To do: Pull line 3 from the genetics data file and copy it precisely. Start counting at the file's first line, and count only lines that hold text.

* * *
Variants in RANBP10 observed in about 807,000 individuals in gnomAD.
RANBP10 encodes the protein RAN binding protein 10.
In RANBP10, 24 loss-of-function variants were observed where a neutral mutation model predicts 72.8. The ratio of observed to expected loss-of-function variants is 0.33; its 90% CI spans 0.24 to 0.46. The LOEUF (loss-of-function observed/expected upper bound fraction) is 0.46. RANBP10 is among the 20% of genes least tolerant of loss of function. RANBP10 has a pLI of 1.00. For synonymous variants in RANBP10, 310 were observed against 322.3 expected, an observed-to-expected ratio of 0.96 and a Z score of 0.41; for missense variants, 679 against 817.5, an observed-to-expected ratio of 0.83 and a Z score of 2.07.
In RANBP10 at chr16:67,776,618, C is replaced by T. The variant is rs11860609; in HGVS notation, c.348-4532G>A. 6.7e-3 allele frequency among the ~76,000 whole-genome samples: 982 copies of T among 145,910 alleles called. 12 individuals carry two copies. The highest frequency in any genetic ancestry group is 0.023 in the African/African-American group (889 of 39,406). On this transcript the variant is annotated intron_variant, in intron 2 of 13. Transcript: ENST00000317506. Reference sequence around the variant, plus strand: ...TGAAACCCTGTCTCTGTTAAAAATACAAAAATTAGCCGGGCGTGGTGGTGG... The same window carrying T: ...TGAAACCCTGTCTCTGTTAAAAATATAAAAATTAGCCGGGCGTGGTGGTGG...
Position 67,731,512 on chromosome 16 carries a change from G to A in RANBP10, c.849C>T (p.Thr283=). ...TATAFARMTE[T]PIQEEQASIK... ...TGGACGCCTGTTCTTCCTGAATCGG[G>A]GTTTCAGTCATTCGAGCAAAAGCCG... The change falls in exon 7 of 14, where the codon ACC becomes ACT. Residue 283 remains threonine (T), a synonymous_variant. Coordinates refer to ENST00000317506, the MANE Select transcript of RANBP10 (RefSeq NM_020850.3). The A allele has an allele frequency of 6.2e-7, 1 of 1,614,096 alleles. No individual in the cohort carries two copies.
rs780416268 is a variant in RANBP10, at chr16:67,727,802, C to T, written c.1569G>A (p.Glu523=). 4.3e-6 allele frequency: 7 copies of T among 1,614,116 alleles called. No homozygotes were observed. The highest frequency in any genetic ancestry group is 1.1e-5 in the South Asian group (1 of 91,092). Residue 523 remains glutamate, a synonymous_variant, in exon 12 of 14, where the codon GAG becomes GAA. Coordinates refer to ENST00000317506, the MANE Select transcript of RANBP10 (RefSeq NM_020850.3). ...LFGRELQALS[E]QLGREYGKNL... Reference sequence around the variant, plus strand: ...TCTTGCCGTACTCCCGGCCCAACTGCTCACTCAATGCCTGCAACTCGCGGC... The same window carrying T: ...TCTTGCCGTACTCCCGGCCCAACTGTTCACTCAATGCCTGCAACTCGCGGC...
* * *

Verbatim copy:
In RANBP10, 24 loss-of-function variants were observed where a neutral mutation model predicts 72.8. The ratio of observed to expected loss-of-function variants is 0.33; its 90% CI spans 0.24 to 0.46. The LOEUF (loss-of-function observed/expected upper bound fraction) is 0.46. RANBP10 is among the 20% of genes least tolerant of loss of function. RANBP10 has a pLI of 1.00. For synonymous variants in RANBP10, 310 were observed against 322.3 expected, an observed-to-expected ratio of 0.96 and a Z score of 0.41; for missense variants, 679 against 817.5, an observed-to-expected ratio of 0.83 and a Z score of 2.07.